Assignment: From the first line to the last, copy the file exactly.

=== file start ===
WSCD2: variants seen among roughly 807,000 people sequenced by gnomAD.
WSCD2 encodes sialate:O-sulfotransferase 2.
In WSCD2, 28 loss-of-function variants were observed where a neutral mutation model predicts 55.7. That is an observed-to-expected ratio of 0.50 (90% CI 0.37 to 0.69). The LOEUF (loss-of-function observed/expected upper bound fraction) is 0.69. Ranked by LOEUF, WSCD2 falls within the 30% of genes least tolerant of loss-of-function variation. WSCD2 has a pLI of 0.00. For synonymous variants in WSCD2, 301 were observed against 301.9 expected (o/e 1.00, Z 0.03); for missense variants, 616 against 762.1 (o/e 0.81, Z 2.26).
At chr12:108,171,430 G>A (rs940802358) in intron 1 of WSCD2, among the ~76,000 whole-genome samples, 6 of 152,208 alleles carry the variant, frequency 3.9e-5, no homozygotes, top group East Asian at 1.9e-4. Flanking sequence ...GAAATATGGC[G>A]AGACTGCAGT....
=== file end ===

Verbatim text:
WSCD2: variants seen among roughly 807,000 people sequenced by gnomAD.
WSCD2 encodes sialate:O-sulfotransferase 2.
In WSCD2, 28 loss-of-function variants were observed where a neutral mutation model predicts 55.7. That is an observed-to-expected ratio of 0.50 (90% CI 0.37 to 0.69). The LOEUF (loss-of-function observed/expected upper bound fraction) is 0.69. Ranked by LOEUF, WSCD2 falls within the 30% of genes least tolerant of loss-of-function variation. WSCD2 has a pLI of 0.00. For synonymous variants in WSCD2, 301 were observed against 301.9 expected (o/e 1.00, Z 0.03); for missense variants, 616 against 762.1 (o/e 0.81, Z 2.26).
At chr12:108,171,430 G>A (rs940802358) in intron 1 of WSCD2, among the ~76,000 whole-genome samples, 6 of 152,208 alleles carry the variant, frequency 3.9e-5, no homozygotes, top group East Asian at 1.9e-4. Flanking sequence ...GAAATATGGC[G>A]AGACTGCAGT....